I also have more turkey and duck eggs in the incubator. I think this time things will go a lot smoother. At least, I hope so. Especially since I have 14 Muscovy ducks eggs that I bought off ebay in the incubator as well. I am really excited about these ducks because they are very useful for the homestead. They are excellent foragers. They eat FLIES! That’s enough reason for me but they also grow very fast and I have heard they taste like veal. One of our female Ancona ducks went broody so we may even have more chicks running around here too.
Now about the new goat. We got a new LaMancha dairy goat and her name is Sweetheart. She really is a sweetheart too. Our BoPeep is giving us a consistent 1/2 gallon a day but we found ourselves in need of more milk so we bought a new goat. We were actually thinking about some how getting a Dexter cow but that didn’t work out. We may end up buying one next year but for now the goats are working out just fine. With our new Sweetheart we are getting 1 1/2 gallons of milk a day. Yes, that is a lot of milk but with my desire to make cheese, kefir and yogurt it is the perfect amount. Any extra milk we have we give to the animals. The chickens, ducks, cats and dogs love the extra milk.
Kids, Family and Such
Our eldest daughter will be away living in the mountains for a few months at a summer job. She seems to be really enjoying herself. I do miss being able to call her though. Our son is being a teenage boy . He still loves listening to and playing music. We decided to keep him home at least part of the year next year. He was struggling in some of his classes. Not sure if it was the teachers, class sizes or laziness on his part but we have decided that he needs more one on one attention. And little munchkin has been keeping me busy. We live in an area were there are few children her age so she is constantly asking me to play with her. Trying to come up with activities for her to do is going to be challenging. At least she has the animals to keep her company .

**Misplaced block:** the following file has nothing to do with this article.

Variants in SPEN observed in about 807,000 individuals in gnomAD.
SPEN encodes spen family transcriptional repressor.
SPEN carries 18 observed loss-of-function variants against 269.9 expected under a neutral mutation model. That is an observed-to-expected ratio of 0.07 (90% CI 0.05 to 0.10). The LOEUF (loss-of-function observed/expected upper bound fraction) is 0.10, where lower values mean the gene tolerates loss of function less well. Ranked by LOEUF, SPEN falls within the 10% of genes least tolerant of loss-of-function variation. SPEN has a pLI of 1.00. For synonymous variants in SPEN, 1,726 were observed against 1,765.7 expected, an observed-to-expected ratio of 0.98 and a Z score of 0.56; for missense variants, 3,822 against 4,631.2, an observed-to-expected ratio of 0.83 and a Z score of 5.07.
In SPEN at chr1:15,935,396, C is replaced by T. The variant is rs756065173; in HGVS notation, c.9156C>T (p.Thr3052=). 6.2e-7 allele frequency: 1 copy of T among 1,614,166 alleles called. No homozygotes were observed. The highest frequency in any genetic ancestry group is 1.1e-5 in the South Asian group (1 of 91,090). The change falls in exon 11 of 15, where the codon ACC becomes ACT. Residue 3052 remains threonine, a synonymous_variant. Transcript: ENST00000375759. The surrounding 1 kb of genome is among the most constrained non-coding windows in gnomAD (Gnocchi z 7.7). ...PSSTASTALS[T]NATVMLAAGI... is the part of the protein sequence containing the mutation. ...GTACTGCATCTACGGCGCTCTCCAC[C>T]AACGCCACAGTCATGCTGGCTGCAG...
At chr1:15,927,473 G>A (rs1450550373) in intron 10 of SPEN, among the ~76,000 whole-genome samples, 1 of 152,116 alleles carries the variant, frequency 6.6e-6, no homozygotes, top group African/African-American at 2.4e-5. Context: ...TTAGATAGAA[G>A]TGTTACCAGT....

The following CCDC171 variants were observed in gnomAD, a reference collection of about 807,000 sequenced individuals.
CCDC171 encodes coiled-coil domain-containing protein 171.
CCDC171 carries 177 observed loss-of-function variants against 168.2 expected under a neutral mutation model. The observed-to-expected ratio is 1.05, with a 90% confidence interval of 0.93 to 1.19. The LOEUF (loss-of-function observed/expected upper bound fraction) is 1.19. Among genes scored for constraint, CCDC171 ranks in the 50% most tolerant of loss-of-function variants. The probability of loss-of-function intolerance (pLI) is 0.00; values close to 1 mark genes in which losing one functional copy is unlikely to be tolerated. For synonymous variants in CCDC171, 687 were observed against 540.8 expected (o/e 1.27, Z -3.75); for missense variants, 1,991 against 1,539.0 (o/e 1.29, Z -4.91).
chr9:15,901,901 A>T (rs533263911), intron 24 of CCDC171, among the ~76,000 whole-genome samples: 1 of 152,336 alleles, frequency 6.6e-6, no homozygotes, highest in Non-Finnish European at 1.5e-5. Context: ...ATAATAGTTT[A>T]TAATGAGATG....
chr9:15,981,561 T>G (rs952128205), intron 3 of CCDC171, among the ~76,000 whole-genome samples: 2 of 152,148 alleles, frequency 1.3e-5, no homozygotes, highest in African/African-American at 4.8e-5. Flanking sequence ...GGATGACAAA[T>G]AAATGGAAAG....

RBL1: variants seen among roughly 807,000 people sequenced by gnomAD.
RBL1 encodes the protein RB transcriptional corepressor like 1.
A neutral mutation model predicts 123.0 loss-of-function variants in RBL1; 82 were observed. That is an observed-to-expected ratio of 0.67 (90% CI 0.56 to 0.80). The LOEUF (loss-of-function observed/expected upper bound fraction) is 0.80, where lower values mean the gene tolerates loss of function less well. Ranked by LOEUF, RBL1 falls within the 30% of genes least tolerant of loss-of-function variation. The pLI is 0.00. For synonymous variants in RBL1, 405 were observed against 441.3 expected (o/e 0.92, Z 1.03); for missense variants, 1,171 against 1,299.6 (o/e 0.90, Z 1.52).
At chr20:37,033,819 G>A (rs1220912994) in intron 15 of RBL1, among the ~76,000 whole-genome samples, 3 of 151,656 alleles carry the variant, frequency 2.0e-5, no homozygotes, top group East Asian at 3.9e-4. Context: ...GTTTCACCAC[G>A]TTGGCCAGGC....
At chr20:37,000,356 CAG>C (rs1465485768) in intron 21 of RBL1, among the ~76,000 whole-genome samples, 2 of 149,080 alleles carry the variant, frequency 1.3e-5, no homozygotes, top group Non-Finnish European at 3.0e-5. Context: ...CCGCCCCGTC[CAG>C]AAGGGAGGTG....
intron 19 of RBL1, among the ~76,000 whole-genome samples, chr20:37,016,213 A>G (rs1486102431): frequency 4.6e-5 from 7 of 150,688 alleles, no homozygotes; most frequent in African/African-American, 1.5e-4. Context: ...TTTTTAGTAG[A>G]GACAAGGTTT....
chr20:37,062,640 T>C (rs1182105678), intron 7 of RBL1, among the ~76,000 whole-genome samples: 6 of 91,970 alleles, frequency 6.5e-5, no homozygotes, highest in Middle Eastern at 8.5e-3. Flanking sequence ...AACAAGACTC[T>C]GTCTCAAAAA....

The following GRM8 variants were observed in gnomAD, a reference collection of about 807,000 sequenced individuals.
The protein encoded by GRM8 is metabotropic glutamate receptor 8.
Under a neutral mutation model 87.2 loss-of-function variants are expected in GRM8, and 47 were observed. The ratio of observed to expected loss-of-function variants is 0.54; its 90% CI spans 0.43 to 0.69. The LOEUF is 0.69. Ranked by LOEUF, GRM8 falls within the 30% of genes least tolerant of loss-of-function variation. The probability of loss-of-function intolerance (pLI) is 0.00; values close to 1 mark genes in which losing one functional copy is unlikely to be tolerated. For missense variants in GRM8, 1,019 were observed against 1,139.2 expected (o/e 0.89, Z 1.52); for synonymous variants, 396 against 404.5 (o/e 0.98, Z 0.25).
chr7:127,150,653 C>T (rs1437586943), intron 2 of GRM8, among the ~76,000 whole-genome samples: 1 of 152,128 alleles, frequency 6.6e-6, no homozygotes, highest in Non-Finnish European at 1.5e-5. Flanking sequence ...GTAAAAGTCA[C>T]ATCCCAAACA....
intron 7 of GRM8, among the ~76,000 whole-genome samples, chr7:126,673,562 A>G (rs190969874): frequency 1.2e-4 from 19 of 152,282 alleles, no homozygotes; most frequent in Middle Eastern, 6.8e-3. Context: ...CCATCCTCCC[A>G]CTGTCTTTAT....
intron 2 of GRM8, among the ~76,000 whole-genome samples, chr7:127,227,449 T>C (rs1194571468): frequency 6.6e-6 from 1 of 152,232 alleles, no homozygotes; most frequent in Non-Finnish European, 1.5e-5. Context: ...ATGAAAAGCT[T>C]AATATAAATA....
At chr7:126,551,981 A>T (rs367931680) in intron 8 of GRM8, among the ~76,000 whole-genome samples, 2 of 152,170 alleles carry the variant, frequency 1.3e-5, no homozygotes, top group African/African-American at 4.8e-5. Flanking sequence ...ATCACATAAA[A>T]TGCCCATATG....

Well, I think that’s all I will share for now. I have much more to share but I don’t want to “talk” your ear off ;).
How are things at your homestead? Are you enjoying the summer?
There are some things people prefer you don’t mess with. You don’t rearrange someone’s sock draw. You don’t add spices to someone else’s spaghetti sauce. And you don’t change the traditional Thanksgiving menu everyone is used to. Well, this year I plan to make some changes to our Thanksgiving menu. I hope I can do this successfully without picketing and rioting from my family members.
My plan is to turn many of our favorite dishes into healthier versions. I have become much better at substituting lifeless, void of nutrients ingredients with flavorful, healthy and nutrient dense alternatives. So I think with some help of some of my favorite healthy cooking bloggers and some of my own knowledge, everything will work successfully with happy faces and full tummies. Don’t get me wrong, even if my family hated my food they would still be very thankful for the meal. But, let’s just hope they don’t hate it.